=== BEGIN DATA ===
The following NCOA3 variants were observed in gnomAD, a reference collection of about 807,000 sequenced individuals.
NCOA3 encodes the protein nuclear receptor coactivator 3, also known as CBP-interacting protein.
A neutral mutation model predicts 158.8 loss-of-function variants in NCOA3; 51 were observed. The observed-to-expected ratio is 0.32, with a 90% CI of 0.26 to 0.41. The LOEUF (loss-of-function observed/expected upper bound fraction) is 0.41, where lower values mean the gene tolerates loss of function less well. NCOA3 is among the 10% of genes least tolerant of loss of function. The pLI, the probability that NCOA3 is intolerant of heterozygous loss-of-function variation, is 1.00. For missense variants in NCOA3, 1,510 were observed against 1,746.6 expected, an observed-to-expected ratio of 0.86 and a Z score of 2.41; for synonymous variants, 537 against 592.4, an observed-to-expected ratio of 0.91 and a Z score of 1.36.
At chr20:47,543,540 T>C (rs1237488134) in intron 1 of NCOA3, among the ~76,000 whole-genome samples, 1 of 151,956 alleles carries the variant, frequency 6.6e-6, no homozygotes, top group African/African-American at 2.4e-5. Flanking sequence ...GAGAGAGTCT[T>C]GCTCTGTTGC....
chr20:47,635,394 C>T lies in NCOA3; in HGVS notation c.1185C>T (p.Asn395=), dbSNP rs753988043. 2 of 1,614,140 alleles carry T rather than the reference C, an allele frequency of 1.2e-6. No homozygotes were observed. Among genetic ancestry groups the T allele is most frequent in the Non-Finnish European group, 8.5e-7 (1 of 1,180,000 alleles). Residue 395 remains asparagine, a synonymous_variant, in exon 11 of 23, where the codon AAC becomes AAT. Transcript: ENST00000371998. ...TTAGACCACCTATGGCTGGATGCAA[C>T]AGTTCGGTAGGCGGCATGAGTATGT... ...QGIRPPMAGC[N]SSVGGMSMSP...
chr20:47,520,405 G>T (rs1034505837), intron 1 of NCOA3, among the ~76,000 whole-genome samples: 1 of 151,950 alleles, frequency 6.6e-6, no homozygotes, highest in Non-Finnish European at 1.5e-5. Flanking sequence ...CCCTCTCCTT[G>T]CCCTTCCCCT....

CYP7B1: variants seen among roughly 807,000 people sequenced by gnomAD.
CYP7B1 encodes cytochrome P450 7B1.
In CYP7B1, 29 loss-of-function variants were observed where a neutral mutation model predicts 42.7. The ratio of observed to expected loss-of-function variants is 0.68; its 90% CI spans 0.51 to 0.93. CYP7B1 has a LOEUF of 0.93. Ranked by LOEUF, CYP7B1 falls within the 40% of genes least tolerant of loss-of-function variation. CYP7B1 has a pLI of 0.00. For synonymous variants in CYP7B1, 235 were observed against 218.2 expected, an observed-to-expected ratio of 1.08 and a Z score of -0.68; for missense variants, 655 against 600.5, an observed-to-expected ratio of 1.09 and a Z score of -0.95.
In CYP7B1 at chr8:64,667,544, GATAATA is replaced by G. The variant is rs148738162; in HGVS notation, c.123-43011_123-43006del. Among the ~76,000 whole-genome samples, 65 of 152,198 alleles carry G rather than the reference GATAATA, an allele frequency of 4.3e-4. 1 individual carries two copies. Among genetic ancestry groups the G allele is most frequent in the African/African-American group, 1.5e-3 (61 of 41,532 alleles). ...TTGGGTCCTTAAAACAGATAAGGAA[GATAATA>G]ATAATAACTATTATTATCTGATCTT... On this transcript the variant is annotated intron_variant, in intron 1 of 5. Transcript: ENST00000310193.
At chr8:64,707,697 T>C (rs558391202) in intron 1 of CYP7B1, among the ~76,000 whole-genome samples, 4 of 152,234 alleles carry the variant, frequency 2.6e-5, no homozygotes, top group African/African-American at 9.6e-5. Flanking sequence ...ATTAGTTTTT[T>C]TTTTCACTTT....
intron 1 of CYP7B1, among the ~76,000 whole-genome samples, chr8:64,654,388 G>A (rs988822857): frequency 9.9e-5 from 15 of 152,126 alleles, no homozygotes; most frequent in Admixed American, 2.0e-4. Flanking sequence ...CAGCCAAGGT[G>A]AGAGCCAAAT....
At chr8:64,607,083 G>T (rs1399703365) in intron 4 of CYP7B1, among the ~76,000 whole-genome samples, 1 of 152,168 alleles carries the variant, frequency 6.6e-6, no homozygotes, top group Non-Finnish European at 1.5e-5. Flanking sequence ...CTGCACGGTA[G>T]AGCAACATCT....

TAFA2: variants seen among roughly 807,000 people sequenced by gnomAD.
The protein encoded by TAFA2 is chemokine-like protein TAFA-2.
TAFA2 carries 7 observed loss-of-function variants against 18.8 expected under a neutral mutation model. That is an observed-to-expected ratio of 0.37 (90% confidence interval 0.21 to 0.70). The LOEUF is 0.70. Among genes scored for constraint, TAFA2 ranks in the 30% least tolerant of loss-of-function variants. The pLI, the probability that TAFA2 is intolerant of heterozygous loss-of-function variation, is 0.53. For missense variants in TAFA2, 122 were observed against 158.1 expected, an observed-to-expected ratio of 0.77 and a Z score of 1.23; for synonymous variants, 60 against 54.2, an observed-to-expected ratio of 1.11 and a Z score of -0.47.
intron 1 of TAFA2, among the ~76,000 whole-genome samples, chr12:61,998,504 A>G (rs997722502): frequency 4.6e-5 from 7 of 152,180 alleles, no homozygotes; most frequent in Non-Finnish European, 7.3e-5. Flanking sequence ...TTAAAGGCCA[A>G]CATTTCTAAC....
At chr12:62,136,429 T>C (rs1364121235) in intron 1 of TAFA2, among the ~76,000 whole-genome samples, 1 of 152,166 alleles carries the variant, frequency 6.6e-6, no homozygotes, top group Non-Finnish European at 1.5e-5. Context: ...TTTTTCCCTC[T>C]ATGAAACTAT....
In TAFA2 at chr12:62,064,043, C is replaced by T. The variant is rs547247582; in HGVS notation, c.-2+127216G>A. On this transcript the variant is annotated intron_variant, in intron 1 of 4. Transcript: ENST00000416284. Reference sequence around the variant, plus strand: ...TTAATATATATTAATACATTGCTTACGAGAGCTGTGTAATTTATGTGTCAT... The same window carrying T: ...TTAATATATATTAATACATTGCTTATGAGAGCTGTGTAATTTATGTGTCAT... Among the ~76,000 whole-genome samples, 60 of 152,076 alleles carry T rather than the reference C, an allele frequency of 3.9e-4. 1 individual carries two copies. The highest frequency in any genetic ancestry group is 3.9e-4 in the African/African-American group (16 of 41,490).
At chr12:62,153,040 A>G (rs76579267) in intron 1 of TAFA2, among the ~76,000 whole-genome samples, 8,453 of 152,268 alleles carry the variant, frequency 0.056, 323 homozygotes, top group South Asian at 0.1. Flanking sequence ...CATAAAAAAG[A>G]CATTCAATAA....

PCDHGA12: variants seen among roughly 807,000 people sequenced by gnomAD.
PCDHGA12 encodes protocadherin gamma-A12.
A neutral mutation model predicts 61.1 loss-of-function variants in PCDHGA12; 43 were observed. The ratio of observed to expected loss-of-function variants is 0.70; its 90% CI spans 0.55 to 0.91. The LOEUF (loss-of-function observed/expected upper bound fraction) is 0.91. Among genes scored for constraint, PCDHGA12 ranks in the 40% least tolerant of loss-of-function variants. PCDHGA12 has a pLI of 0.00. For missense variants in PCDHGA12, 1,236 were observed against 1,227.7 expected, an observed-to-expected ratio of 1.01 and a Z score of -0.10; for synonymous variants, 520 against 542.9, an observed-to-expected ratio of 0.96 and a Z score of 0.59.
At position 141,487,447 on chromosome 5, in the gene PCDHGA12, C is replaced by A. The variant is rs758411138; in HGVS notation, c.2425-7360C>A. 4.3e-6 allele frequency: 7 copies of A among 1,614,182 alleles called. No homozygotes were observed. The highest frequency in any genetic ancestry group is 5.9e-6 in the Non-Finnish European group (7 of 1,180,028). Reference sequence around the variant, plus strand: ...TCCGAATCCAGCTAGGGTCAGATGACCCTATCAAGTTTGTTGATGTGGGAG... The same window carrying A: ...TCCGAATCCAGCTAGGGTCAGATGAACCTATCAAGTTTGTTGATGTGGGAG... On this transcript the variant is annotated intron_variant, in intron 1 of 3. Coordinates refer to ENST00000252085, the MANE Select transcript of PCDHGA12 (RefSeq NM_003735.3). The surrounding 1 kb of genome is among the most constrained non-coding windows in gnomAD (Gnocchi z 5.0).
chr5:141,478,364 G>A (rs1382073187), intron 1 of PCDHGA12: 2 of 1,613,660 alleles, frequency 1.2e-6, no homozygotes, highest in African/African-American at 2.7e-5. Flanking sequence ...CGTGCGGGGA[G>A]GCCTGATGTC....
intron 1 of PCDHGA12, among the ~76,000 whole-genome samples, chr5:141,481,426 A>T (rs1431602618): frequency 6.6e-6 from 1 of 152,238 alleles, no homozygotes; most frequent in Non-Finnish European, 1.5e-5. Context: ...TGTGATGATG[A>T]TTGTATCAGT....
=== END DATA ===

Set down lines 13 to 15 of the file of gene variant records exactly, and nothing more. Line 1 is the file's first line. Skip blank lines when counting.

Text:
At chr8:64,607,083 G>T (rs1399703365) in intron 4 of CYP7B1, among the ~76,000 whole-genome samples, 1 of 152,168 alleles carries the variant, frequency 6.6e-6, no homozygotes, top group Non-Finnish European at 1.5e-5. Flanking sequence ...CTGCACGGTA[G>T]AGCAACATCT....

TAFA2: variants seen among roughly 807,000 people sequenced by gnomAD.
The protein encoded by TAFA2 is chemokine-like protein TAFA-2.